HC Deb 21 February 1968 vol 759 cc489-93
Mr. Buchan

I beg to move, Amendment No. 15, in page 9, line 21, at end to insert: (c) the relevant notice is a notice to which, apart from the provisions of section 18 or section 19 of this Act, section 6(3) of the Agriculture Act, 1958, would apply and, if an application for consent in respect of the notice is made to the court in pursuance of the said section 25(1), the court consent to its operation and state in the reasons for their decision that they are satisfied with regard to the matter mentioned in paragraph (a), or the matters mentioned in paragraph (b)(i) to (iii), of section 18(2) of this Act; or.

Mr. Deputy Speaker

It would be convenient to consider at the same time Amendment 16, also standing in the name of the Secretary of State for Scotland, in line 37, after "Act", insert: or in section 18(2)(a) of this Act".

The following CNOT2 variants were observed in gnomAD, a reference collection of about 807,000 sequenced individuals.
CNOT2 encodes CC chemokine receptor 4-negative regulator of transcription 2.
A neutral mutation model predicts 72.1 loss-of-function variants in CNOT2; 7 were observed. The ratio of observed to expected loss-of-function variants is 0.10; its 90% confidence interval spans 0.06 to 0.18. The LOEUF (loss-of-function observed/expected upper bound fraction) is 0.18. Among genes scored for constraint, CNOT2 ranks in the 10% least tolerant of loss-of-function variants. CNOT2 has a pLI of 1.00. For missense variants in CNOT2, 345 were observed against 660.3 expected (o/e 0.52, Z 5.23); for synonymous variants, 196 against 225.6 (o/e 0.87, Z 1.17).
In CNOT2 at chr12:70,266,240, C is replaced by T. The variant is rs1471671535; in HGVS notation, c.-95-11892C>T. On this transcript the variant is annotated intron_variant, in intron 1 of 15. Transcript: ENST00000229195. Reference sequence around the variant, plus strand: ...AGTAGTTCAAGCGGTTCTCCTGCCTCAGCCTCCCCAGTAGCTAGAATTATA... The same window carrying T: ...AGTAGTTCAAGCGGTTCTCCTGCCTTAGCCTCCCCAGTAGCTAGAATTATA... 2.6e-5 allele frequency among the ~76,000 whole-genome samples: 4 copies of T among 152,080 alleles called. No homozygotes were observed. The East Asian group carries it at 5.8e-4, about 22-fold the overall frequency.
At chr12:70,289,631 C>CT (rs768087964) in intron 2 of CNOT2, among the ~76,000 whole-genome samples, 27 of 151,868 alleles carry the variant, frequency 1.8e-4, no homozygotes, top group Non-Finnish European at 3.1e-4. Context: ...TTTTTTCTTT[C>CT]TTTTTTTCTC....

6.15 p.m.

Mr. Buchan

These two Amendments are consequential on the new Clauses in Part III of the Bill so they are, in a sense, paving Amendments. Clause 11 deals with the circumstances in which a landlord, who gives a notice to quit becomes liable to make the new additional payments of four years' rent to a tenant—that is only when he requires the land for a non-agricultural purpose. He is not obliged to pay them if he proposes to use the land for an agricultural purpose.

Clause 18, however, creates a new set of circumstances in which a landlord may issue a notice to quit to a near relative of a deceased tenant, and these Amendments are required to ensure that the landlord will not be liable to make the additional payments, if the notice to quit, which is given on the grounds set out in Clause 18(2), is given for agricultural purposes.

These Amendments take account of an Amendment we propose to make to Clause 18 to enable the Land Court to consent to a notice to quit if a near relative successor has neither sufficient agricultural training or experience to fit him to run the holding. The Amendments we are now discussing therefore take account of the fact that a landlord may under Clause 18(2) state in a notice to quit that the notice is given because either, first, the tenant has not the training or experience required; or secondly, he proposes to use the land for amalgamation.